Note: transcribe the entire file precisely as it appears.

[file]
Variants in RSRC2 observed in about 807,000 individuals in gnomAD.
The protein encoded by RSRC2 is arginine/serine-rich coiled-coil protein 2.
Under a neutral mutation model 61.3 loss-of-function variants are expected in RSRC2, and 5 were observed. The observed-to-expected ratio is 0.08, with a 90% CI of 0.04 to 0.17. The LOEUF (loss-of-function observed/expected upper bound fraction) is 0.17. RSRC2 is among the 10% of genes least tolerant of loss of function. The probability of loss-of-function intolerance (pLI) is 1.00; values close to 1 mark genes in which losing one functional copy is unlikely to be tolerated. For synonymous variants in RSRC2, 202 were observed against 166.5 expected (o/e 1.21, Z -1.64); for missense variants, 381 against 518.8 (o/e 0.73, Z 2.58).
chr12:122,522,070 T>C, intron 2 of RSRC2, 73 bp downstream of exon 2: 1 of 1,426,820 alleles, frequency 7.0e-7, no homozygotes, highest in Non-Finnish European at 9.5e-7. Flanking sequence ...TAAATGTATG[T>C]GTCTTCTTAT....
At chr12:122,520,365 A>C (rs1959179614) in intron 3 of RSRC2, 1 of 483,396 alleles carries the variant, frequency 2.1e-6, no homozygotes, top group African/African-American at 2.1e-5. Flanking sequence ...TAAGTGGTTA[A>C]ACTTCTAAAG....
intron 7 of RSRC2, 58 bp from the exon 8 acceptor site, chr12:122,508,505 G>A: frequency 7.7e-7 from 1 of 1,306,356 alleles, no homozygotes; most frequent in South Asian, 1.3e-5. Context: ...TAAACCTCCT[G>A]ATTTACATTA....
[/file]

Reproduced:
Variants in RSRC2 observed in about 807,000 individuals in gnomAD.
The protein encoded by RSRC2 is arginine/serine-rich coiled-coil protein 2.
Under a neutral mutation model 61.3 loss-of-function variants are expected in RSRC2, and 5 were observed. The observed-to-expected ratio is 0.08, with a 90% CI of 0.04 to 0.17. The LOEUF (loss-of-function observed/expected upper bound fraction) is 0.17. RSRC2 is among the 10% of genes least tolerant of loss of function. The probability of loss-of-function intolerance (pLI) is 1.00; values close to 1 mark genes in which losing one functional copy is unlikely to be tolerated. For synonymous variants in RSRC2, 202 were observed against 166.5 expected (o/e 1.21, Z -1.64); for missense variants, 381 against 518.8 (o/e 0.73, Z 2.58).
chr12:122,522,070 T>C, intron 2 of RSRC2, 73 bp downstream of exon 2: 1 of 1,426,820 alleles, frequency 7.0e-7, no homozygotes, highest in Non-Finnish European at 9.5e-7. Flanking sequence ...TAAATGTATG[T>C]GTCTTCTTAT....
At chr12:122,520,365 A>C (rs1959179614) in intron 3 of RSRC2, 1 of 483,396 alleles carries the variant, frequency 2.1e-6, no homozygotes, top group African/African-American at 2.1e-5. Flanking sequence ...TAAGTGGTTA[A>C]ACTTCTAAAG....
intron 7 of RSRC2, 58 bp from the exon 8 acceptor site, chr12:122,508,505 G>A: frequency 7.7e-7 from 1 of 1,306,356 alleles, no homozygotes; most frequent in South Asian, 1.3e-5. Context: ...TAAACCTCCT[G>A]ATTTACATTA....